Client Virtualization and the Evolving Mobile Security Paradigm
Credit: Toby Jorrin
The Government Printing Office is piloting a Citrix VDI solution, CIO Chuck Riddle says.
As mobile computing grows, IT leaders are finding that a virtual desktop infrastructure offers more than merely a way to centralize control of an agency’s computing resources. A growing number of agencies see VDI as a secure, efficient way for mobile workers and teleworkers to connect to back-end agency resources.
For example, Lawrence Livermore National Laboratory (LLNL) is looking to its already-established VDI architecture to help solve emerging user requirements for secure remote access.
LLNL implemented VDI four years ago to address a single need: to let users browse the Internet, access webmail accounts and utilize social networking and other Web 2.0 tools without incurring risk to the agency’s mission-critical data resources.
The solution, known as SafeWeb and based on Citrix System’s XenDesktop VDI environment, is hosted by a third party and is now available to all 6,500 LLNL employees. The initiative has been a huge success, according to Lee Neely, senior cybersecurity analyst for LLNL. “Our users love it,” he says. “So long as they abide by our acceptable-use policies, they now have the option to take advantage of tools and websites that we otherwise would have had to block.”
Now, Neely and the LLNL IT team are taking the next step with VDI: going on the road. The lab is one of several agencies, including the Census Bureau and the Government Printing Office, that are implementing mobile VDI using solutions from companies such as Citrix and VMware.
The Livermore lab has launched a pilot involving a few hundred users to evaluate what technology products will best allow its fast-increasing population of mobile employees and teleworkers to access their desktop resources no matter where they are located or what computing device they happen to use.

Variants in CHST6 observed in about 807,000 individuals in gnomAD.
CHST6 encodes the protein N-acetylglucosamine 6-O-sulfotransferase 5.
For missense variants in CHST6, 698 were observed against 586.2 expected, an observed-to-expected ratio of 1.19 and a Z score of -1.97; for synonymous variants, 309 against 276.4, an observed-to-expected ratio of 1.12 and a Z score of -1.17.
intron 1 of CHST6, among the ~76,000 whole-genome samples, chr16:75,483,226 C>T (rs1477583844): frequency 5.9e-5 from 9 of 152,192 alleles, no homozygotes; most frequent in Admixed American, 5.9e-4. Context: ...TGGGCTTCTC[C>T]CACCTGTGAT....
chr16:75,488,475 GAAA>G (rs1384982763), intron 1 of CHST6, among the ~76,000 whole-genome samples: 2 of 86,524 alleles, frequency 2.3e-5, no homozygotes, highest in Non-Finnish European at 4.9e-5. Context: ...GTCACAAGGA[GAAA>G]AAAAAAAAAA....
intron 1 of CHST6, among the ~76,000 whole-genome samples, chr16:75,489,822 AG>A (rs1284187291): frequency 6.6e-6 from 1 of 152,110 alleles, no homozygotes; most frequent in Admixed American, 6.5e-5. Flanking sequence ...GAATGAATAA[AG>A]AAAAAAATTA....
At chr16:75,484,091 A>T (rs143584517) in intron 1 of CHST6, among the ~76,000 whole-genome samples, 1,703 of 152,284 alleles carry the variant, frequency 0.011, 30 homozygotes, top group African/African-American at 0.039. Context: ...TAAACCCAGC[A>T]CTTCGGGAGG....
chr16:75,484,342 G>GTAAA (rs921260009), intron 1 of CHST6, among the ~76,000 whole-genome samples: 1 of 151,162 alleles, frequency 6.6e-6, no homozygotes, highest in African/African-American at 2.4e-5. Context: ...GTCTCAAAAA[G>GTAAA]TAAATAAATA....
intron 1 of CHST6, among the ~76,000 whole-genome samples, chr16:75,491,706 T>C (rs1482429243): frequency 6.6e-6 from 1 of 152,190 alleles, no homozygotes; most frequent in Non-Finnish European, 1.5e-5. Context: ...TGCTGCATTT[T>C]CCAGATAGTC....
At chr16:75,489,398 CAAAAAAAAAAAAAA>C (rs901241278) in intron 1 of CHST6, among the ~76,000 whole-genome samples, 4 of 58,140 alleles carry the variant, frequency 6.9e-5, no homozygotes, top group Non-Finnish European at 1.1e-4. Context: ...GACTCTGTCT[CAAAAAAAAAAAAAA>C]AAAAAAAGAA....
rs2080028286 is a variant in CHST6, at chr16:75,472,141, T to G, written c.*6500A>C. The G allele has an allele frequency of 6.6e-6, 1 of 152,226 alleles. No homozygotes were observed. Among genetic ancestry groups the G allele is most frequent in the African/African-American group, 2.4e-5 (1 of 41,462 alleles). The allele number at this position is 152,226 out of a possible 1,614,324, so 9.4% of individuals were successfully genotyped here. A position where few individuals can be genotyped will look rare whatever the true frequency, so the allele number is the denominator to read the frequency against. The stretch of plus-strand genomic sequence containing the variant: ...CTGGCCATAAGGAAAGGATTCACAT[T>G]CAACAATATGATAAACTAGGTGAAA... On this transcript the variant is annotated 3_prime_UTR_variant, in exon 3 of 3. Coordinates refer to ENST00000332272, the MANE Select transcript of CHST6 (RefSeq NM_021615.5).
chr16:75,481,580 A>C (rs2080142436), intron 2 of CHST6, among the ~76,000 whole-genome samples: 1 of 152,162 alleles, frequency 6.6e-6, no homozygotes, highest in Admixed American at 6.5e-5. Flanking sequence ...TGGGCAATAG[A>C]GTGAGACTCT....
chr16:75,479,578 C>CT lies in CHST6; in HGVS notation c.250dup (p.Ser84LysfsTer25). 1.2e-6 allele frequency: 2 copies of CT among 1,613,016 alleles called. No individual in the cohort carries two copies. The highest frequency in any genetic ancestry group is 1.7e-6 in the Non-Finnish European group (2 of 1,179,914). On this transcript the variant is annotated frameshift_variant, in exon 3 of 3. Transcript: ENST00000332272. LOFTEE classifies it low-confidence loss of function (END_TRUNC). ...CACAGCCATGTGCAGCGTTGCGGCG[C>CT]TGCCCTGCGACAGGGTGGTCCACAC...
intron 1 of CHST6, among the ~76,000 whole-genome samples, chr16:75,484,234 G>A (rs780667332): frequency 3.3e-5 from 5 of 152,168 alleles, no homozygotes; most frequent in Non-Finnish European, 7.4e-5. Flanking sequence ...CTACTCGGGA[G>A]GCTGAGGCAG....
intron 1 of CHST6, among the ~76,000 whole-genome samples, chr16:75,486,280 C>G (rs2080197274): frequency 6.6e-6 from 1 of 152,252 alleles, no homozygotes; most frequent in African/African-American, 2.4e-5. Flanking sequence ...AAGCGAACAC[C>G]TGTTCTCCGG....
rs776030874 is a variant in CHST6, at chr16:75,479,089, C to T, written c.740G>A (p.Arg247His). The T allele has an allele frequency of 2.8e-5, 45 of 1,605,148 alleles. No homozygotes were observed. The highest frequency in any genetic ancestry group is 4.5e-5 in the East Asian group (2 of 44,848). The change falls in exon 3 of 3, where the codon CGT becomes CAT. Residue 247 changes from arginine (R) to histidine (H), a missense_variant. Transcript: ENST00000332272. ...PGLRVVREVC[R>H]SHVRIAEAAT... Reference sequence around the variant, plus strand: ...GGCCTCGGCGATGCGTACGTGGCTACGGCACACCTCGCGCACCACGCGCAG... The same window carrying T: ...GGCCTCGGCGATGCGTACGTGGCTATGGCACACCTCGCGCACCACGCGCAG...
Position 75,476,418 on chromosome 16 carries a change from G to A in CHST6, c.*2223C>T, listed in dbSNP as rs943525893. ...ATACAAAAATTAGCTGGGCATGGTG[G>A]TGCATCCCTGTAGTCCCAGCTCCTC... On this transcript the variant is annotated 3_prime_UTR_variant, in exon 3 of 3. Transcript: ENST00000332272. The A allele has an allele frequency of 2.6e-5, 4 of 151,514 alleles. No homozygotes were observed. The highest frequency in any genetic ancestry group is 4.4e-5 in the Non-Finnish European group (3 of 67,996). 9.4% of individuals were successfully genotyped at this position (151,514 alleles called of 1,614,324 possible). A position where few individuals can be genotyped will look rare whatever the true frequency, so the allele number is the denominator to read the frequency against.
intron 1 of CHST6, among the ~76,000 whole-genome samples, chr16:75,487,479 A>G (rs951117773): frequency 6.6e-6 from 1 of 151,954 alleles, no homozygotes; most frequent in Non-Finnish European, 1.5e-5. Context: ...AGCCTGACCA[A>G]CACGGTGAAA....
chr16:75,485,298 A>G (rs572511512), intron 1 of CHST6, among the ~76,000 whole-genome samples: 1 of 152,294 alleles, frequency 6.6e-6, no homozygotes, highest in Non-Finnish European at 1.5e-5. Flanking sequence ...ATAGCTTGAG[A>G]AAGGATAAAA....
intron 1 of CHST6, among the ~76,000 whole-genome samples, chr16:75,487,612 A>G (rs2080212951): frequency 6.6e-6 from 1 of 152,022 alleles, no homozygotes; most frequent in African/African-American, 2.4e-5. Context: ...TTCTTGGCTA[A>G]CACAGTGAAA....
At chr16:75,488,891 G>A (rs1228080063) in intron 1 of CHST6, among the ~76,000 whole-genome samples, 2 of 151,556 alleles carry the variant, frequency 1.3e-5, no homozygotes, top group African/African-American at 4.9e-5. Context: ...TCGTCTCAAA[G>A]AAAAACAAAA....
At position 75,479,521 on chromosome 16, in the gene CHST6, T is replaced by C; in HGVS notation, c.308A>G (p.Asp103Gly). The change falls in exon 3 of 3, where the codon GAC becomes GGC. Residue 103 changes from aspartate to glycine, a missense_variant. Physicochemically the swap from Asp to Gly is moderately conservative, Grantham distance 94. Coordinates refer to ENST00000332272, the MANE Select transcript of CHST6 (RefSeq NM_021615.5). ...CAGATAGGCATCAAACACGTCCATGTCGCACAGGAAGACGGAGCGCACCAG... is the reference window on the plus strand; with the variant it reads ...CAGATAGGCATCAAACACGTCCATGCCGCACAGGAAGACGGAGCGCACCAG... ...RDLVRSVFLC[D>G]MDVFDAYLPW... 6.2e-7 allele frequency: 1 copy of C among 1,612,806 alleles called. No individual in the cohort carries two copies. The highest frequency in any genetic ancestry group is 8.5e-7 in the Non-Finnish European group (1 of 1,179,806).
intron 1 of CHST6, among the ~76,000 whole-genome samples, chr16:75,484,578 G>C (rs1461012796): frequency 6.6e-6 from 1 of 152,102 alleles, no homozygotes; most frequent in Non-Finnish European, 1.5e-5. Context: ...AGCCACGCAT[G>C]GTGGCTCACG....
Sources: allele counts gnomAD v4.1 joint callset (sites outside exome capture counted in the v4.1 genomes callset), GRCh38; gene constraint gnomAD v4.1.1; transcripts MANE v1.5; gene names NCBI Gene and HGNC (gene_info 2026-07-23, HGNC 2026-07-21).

Finding a “Best Fit”
Enterprise adoption of VDI poses some challenges, but its benefits can be worth it for agencies that need secure mobility.
“I liken VDI to installing solar panels; it’s higher cost, but for the right use cases, it can be ideal,” says Mark Margevicius, vice president and research director of client computing for Gartner. “It’s the applicability that you need to measure.”
For the Census Bureau, VDI is seen as the perfect fit for keeping field workers fully connected, secure and productive after the agency completes an initiative to cut its number of regional offices from 12 to six. However, VDI is also perfect for the agency’s telework program, which grew by 53 percent in 2012.
A VDI environment costs an estimated
1.4 to 1.6 times
as much as a traditional support-at-the-desktop model, because of requirements for network bandwidth, storage systems, servers, management tools and higher-priced licenses for VDI-enabled applications.
In 2011, Census IT officials kicked off a pilot program involving a few hundred mobile workers to assess user response and address any technical kinks. The Census VDI environment went into full production in January 2012. The agency’s goal is to have 85 to 90 percent of its mobile employees and teleworkers trained to use the system by the end of 2013, according to Chris Fudge, branch chief for Census VDI.
“Our biggest challenge by far has been moving quickly enough with the rollout to satisfy the demand from our users,” he says. “They all want in right now.”
The Government Printing Office, which has been experimenting with limited VDI use for five years, recently began allowing teleworkers to use their home-based and mobile computing devices to access agency PCs through its Citrix NetScaler portal. This fall, the agency will take the next step and pilot a genuine Citrix XenDesktop VDI solution with about 100 users.
“It’s sort of a phased approach, to get it out there and make sure that it sets and takes,” says Chuck Riddle, CIO of GPO. “VDI is definitely not a one-size-fits-all approach. For some use cases and some employees, it works well, and for others, it doesn’t. So we’re just trying to be careful about how we roll it out and how we advertise what it can and can’t do.”